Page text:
Saturday, April 7, 2012

Cleaning Day!

I went to visit Rhapsody today. I wanted to clear things out so I am able to clean up the inside, I'll explain more in a later post.

(Warning: Lots of Pictures)

Here's an example of the "stuff".

I started with what was in the quarter-berth and worked my way forward. I was going to take all the cushions out too but decided to leave them where they were. I took everything else out and put it all in my truck.

Here's a view of some of the storage spaces.

I was surprised at how much storage there is in this boat for its size. Looking at the storage areas, some of the yellow areas looked slightly cracked. I'm starting to consider painting those areas white to give it a fresh new look.

I also went up to the storage space at the bow and emptied that out too.

While I was there, I decided to take pictures of the mounting hardware for the windlass and big cleat at the bow. I took these pictures so I could see the condition and whether they needed re-bedded.

Since I was looking around in there, I noticed all the bolts used to attached the hull and deck.

Now, the only way to see those bolts was to get inside the storage locker. Since I cleaned up to that point, I decided to look back where I started at the beginning of the day.

Yes, I climbed inside the locker.

The only "stuff" I left was a box of supplies that I will use to do some cleaning and refinishing of various areas.

While I was there, I decided to check out the batteries. My volt meter showed ZERO voltage. I'll get to changing them out in the future.

Here's a view of the electrical panels. AC at the top and DC below.

I happened to see this hook in the galley. It looked like it didn't belong to anything.

I opened up a door and it didn't reach then I figured it out. It goes to the door for the head.

I thought it was a nice idea. If someone is up in the cockpit, it could provide more privacy for someone in the v-berth area.

I was curious about this. It looks like a zinc. The wire was tied to the fitting at the base of part of the stern pulpit. This thing was in the hole shown to the left. I thought zincs were supposed to be attached somewhere on the outside of the boat in the water.

While i was looking at this possible zinc, I noticed the caulking on the railing looked to need some servicing. In the supplies I currently have, I got 4 tubes of Boatlife caulk. I noticed other places it could be used.

Another place was the hole at the bottom of this brass fitting and railing.

Since the inside is showing signs of leaking by a couple portholes, I decided to see how they looked from the outside. Part of the seal that is visible is showing some cracking.

It was suggested to me that I leave the porthole alone and redo the rubber gasket on the inside where the opening part presses against the frame. I tried taking a picture of the gasket. In this next picture, you can see it at the top. I had to take the picture like this because it was too bright outside and other attempts didn't work out.

Anyway, I spent about 3.5hrs with Rhapsody today to clean out the "stuff" and have clear areas to clean up.

With all the work I did, here's what I have to show for it.

Here, I have some sails, cockpit cushions, a couple charts, stuff from the galley, life jackets and lots of other things. Now all this stuff is at the house, I can clean up what I can and organize to put back. I'm not sure if I want to keep the cockpit cushions but will hold onto them for now. As I sort through these things, I'll probably post some of my findings.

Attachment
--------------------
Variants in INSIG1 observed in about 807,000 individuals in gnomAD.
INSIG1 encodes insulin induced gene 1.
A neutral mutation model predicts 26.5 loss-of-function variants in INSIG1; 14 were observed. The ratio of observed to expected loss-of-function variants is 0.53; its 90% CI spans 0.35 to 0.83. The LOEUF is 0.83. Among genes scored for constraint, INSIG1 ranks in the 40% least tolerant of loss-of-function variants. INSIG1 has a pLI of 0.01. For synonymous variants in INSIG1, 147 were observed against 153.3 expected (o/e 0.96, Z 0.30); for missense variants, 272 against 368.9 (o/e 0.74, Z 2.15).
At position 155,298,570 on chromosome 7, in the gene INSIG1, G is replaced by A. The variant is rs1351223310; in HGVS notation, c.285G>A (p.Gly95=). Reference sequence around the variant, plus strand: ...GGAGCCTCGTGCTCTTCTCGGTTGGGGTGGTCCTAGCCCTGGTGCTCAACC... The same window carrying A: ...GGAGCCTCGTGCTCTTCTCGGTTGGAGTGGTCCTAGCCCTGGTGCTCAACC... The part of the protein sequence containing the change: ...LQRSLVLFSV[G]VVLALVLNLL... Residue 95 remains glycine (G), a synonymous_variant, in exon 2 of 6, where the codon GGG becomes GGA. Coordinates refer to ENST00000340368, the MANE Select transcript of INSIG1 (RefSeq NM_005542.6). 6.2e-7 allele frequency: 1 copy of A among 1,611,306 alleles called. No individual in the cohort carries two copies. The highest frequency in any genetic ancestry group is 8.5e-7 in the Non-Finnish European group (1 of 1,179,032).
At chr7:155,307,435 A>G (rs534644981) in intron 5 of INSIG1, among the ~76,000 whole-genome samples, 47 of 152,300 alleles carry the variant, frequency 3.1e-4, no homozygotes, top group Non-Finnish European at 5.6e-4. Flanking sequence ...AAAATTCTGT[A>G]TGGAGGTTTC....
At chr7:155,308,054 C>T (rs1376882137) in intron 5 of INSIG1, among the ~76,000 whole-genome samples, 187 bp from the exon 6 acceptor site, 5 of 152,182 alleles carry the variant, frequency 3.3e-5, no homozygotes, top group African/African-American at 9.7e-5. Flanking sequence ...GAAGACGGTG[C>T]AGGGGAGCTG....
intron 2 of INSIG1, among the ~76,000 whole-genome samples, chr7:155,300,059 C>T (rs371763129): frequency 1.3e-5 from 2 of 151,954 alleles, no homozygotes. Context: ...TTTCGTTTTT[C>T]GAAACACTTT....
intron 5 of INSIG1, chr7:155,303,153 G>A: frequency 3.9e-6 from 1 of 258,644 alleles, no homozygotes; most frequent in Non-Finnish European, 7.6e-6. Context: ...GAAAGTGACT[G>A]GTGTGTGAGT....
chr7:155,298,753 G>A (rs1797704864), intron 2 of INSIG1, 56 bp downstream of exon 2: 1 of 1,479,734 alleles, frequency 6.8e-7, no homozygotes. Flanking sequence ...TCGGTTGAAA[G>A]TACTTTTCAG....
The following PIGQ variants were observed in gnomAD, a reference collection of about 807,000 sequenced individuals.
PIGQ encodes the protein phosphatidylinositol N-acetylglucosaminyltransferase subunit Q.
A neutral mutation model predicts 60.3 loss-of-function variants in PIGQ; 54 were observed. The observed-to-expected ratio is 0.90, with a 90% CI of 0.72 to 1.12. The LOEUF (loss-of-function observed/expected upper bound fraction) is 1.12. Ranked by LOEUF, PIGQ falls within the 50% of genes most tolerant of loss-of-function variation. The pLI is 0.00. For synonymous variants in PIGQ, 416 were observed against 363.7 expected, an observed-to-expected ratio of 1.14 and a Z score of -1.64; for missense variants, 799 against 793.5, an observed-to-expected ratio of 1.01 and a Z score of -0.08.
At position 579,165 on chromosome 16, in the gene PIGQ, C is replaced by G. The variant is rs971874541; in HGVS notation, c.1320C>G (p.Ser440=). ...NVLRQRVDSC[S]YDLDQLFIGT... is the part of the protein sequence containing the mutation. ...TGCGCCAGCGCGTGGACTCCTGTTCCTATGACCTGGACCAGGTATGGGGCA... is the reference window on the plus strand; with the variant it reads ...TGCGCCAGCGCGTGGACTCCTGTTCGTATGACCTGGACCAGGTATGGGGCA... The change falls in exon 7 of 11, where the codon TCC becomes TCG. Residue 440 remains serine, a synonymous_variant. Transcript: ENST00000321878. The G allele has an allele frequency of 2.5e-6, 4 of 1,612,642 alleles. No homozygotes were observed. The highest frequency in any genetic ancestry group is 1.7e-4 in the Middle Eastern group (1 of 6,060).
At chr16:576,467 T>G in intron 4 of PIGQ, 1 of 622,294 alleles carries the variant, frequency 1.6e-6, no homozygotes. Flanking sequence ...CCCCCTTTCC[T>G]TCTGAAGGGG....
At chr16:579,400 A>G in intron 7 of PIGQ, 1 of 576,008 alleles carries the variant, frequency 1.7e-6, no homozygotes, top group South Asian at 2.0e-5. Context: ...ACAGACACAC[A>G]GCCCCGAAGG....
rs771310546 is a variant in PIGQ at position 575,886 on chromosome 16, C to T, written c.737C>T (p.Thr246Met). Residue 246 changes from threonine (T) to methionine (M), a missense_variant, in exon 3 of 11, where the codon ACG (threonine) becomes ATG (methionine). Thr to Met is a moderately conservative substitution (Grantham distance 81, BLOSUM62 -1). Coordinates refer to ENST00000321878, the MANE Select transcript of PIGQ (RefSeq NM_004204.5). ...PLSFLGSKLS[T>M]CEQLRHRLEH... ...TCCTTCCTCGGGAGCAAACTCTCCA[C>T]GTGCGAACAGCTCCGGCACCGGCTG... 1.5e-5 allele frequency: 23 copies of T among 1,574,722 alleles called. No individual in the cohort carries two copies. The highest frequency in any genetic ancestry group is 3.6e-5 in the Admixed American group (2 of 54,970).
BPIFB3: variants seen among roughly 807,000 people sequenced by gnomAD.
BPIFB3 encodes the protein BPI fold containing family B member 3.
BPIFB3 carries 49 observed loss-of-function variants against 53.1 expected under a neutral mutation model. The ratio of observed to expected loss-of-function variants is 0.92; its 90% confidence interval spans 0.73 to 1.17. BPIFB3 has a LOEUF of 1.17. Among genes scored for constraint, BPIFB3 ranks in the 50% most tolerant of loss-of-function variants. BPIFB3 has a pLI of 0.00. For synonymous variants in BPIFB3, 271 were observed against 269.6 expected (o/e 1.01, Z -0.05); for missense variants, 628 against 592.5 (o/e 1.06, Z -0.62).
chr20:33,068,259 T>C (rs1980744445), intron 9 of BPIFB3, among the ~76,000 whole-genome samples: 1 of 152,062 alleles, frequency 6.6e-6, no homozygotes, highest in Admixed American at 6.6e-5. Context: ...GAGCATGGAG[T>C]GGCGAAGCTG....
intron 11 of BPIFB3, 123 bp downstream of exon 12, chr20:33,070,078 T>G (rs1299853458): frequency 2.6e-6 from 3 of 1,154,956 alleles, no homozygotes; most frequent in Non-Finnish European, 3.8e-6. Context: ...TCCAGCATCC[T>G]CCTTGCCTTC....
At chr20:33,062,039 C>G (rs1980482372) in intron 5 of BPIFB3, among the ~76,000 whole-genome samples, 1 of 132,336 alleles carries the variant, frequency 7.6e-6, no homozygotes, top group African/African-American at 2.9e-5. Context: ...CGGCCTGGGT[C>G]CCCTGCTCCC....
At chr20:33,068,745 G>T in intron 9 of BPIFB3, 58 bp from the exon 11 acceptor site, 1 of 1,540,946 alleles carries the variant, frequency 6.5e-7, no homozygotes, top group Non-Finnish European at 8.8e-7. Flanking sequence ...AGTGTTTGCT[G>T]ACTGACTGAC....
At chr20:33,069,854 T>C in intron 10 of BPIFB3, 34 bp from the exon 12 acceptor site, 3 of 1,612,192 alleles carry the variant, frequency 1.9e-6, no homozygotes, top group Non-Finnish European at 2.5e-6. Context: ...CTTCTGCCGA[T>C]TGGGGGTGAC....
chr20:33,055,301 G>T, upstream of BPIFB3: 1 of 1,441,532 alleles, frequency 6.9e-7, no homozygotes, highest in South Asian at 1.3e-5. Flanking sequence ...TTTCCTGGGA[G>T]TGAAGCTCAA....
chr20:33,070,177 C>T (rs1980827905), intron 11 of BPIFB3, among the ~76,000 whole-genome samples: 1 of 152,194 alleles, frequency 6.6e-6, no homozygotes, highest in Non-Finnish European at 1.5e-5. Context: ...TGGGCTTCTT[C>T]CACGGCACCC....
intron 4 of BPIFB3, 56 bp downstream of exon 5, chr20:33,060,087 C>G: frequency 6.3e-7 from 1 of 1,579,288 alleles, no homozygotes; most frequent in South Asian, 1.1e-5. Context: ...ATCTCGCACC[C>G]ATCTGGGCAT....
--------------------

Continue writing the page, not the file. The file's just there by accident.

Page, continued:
Stay tuned!


  1. Dan, the zinc thing you're looking at is, indeed, a zinc. In order to work, zincs have to be connected "electrically" to the metal in the boat. When bolted to the hull, the connection is either through a wire inside the boat attached to the mounting bolts, or using the conductivity of sea water if the zinc doesn't appear to be attached to anything other than the hull. What you're showing is some extra protection. We did this very thing while moored in Puerto PeƱasco, MX last summer. the water was notoriously "hot" so we supplemented our prop-nut zinc with a big ol' zinc brick attached by electrical wire to our prop shaft. Worked like a charm. Had to be VERY careful to remember to remove the wire before starting the engine, though. You undoubtedly have other zincs attached to the hull or the propshaft. This might have been a way to keep things protected until it was warm enough to attach a new one underwater or the boat got hauled out. BTW, you sometimes see zincs shaped like mermaids at the chandleries. This is exactly what they're made for. As long as the metal that the wire is attached to is somehow connected to the metal you want to protect, it should work although I understand that there's a limited distance that the zinc and the metal you want to protect can be.

    Just found your blog today after your comment on Sundowner's blog. As a fellow owner of an actual small cruising boat, I'll have to taek some time and give it a read. I've always heard lots of good things about Nor'Sea 27s and Greg and Jill Delezynski certainly love theirs.


    1. I do have a prop zinc. This one pictured above I wasn't sure about. I asked the previous owner about it and he said he didn't know it was there. Since I'll be in fresh water, I'll have to adjust things a bit.

      I do like my Nor'sea. I still haven't sailed it yet but I think I did good for my first (or only?) boat. :) I want to do a little sailing then work on some more projects later on. I found out I'm going overseas at the end of next year so I should have one season on the water then some additional upgrades will be in order.

      Thanks for stopping by. If you have any questions or interested in anything specific about my boat, let me know.